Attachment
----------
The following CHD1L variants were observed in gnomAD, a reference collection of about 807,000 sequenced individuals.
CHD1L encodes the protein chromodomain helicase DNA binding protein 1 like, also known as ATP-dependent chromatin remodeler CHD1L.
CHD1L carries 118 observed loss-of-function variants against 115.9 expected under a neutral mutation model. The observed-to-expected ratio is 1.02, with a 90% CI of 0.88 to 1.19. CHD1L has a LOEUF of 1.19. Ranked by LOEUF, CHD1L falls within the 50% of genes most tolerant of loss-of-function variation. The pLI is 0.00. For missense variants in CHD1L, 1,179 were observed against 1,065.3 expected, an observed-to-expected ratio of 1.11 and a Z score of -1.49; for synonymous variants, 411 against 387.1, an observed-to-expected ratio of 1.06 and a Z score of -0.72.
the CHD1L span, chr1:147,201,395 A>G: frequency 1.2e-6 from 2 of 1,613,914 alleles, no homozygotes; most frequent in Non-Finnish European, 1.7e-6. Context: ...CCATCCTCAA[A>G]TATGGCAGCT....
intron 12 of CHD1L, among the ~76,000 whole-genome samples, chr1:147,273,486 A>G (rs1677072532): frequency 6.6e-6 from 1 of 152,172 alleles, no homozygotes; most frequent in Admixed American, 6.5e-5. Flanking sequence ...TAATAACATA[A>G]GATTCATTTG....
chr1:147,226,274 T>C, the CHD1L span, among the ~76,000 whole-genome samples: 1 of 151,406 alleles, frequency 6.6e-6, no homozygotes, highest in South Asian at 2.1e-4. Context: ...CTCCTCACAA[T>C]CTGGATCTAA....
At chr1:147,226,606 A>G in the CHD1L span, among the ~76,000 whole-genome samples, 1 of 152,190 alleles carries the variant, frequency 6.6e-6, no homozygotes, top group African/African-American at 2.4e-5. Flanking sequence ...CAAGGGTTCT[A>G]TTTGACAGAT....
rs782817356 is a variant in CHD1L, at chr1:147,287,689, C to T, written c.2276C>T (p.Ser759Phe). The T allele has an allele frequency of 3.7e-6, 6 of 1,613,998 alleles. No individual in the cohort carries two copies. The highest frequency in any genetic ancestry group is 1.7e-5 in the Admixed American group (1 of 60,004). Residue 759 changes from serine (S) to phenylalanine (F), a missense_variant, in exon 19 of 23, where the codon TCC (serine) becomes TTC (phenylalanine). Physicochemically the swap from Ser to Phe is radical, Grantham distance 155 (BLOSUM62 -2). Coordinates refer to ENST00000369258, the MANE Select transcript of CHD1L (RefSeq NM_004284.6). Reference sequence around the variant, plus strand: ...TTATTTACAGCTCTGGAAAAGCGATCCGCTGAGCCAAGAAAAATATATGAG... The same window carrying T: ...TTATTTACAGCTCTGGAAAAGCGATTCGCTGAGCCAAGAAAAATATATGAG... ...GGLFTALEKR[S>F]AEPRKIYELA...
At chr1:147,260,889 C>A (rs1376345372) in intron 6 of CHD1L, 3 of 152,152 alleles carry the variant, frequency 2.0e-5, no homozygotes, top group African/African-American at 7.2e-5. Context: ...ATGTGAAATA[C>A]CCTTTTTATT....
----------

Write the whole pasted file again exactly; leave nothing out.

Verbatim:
The following CHD1L variants were observed in gnomAD, a reference collection of about 807,000 sequenced individuals.
CHD1L encodes the protein chromodomain helicase DNA binding protein 1 like, also known as ATP-dependent chromatin remodeler CHD1L.
CHD1L carries 118 observed loss-of-function variants against 115.9 expected under a neutral mutation model. The observed-to-expected ratio is 1.02, with a 90% CI of 0.88 to 1.19. CHD1L has a LOEUF of 1.19. Ranked by LOEUF, CHD1L falls within the 50% of genes most tolerant of loss-of-function variation. The pLI is 0.00. For missense variants in CHD1L, 1,179 were observed against 1,065.3 expected, an observed-to-expected ratio of 1.11 and a Z score of -1.49; for synonymous variants, 411 against 387.1, an observed-to-expected ratio of 1.06 and a Z score of -0.72.
the CHD1L span, chr1:147,201,395 A>G: frequency 1.2e-6 from 2 of 1,613,914 alleles, no homozygotes; most frequent in Non-Finnish European, 1.7e-6. Context: ...CCATCCTCAA[A>G]TATGGCAGCT....
intron 12 of CHD1L, among the ~76,000 whole-genome samples, chr1:147,273,486 A>G (rs1677072532): frequency 6.6e-6 from 1 of 152,172 alleles, no homozygotes; most frequent in Admixed American, 6.5e-5. Flanking sequence ...TAATAACATA[A>G]GATTCATTTG....
chr1:147,226,274 T>C, the CHD1L span, among the ~76,000 whole-genome samples: 1 of 151,406 alleles, frequency 6.6e-6, no homozygotes, highest in South Asian at 2.1e-4. Context: ...CTCCTCACAA[T>C]CTGGATCTAA....
At chr1:147,226,606 A>G in the CHD1L span, among the ~76,000 whole-genome samples, 1 of 152,190 alleles carries the variant, frequency 6.6e-6, no homozygotes, top group African/African-American at 2.4e-5. Flanking sequence ...CAAGGGTTCT[A>G]TTTGACAGAT....
rs782817356 is a variant in CHD1L, at chr1:147,287,689, C to T, written c.2276C>T (p.Ser759Phe). The T allele has an allele frequency of 3.7e-6, 6 of 1,613,998 alleles. No individual in the cohort carries two copies. The highest frequency in any genetic ancestry group is 1.7e-5 in the Admixed American group (1 of 60,004). Residue 759 changes from serine (S) to phenylalanine (F), a missense_variant, in exon 19 of 23, where the codon TCC (serine) becomes TTC (phenylalanine). Physicochemically the swap from Ser to Phe is radical, Grantham distance 155 (BLOSUM62 -2). Coordinates refer to ENST00000369258, the MANE Select transcript of CHD1L (RefSeq NM_004284.6). Reference sequence around the variant, plus strand: ...TTATTTACAGCTCTGGAAAAGCGATCCGCTGAGCCAAGAAAAATATATGAG... The same window carrying T: ...TTATTTACAGCTCTGGAAAAGCGATTCGCTGAGCCAAGAAAAATATATGAG... ...GGLFTALEKR[S>F]AEPRKIYELA...
At chr1:147,260,889 C>A (rs1376345372) in intron 6 of CHD1L, 3 of 152,152 alleles carry the variant, frequency 2.0e-5, no homozygotes, top group African/African-American at 7.2e-5. Context: ...ATGTGAAATA[C>A]CCTTTTTATT....